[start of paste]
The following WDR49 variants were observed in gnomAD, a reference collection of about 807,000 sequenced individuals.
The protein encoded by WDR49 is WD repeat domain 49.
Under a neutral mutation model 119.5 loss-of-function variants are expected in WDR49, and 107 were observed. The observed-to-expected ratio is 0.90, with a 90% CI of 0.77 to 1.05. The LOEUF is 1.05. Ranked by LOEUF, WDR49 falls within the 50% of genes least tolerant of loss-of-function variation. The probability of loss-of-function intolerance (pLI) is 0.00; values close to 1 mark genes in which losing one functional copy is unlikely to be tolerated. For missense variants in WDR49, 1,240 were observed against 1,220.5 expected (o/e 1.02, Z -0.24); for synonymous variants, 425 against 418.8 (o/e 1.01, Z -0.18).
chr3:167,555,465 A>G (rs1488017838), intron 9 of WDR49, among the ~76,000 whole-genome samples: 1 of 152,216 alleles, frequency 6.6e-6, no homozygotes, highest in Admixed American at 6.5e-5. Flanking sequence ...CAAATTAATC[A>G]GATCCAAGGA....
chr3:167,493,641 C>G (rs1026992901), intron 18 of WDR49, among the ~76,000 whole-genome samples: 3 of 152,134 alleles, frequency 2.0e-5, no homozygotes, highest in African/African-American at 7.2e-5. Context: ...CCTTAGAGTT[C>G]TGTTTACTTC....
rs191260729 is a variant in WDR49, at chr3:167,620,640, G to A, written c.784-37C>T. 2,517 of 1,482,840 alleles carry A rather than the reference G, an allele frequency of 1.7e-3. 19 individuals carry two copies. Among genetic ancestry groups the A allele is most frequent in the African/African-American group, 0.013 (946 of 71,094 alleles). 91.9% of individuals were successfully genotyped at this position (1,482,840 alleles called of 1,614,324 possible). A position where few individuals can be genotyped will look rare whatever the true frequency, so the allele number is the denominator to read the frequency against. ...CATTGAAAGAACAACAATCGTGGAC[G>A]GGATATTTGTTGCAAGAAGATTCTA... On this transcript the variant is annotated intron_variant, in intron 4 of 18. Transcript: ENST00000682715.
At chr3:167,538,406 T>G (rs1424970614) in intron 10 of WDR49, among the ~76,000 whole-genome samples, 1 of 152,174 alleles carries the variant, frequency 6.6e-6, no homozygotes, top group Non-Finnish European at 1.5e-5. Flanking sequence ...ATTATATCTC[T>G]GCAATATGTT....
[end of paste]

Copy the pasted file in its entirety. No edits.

The following WDR49 variants were observed in gnomAD, a reference collection of about 807,000 sequenced individuals.
The protein encoded by WDR49 is WD repeat domain 49.
Under a neutral mutation model 119.5 loss-of-function variants are expected in WDR49, and 107 were observed. The observed-to-expected ratio is 0.90, with a 90% CI of 0.77 to 1.05. The LOEUF is 1.05. Ranked by LOEUF, WDR49 falls within the 50% of genes least tolerant of loss-of-function variation. The probability of loss-of-function intolerance (pLI) is 0.00; values close to 1 mark genes in which losing one functional copy is unlikely to be tolerated. For missense variants in WDR49, 1,240 were observed against 1,220.5 expected (o/e 1.02, Z -0.24); for synonymous variants, 425 against 418.8 (o/e 1.01, Z -0.18).
chr3:167,555,465 A>G (rs1488017838), intron 9 of WDR49, among the ~76,000 whole-genome samples: 1 of 152,216 alleles, frequency 6.6e-6, no homozygotes, highest in Admixed American at 6.5e-5. Flanking sequence ...CAAATTAATC[A>G]GATCCAAGGA....
chr3:167,493,641 C>G (rs1026992901), intron 18 of WDR49, among the ~76,000 whole-genome samples: 3 of 152,134 alleles, frequency 2.0e-5, no homozygotes, highest in African/African-American at 7.2e-5. Context: ...CCTTAGAGTT[C>G]TGTTTACTTC....
rs191260729 is a variant in WDR49, at chr3:167,620,640, G to A, written c.784-37C>T. 2,517 of 1,482,840 alleles carry A rather than the reference G, an allele frequency of 1.7e-3. 19 individuals carry two copies. Among genetic ancestry groups the A allele is most frequent in the African/African-American group, 0.013 (946 of 71,094 alleles). 91.9% of individuals were successfully genotyped at this position (1,482,840 alleles called of 1,614,324 possible). A position where few individuals can be genotyped will look rare whatever the true frequency, so the allele number is the denominator to read the frequency against. ...CATTGAAAGAACAACAATCGTGGAC[G>A]GGATATTTGTTGCAAGAAGATTCTA... On this transcript the variant is annotated intron_variant, in intron 4 of 18. Transcript: ENST00000682715.
At chr3:167,538,406 T>G (rs1424970614) in intron 10 of WDR49, among the ~76,000 whole-genome samples, 1 of 152,174 alleles carries the variant, frequency 6.6e-6, no homozygotes, top group Non-Finnish European at 1.5e-5. Flanking sequence ...ATTATATCTC[T>G]GCAATATGTT....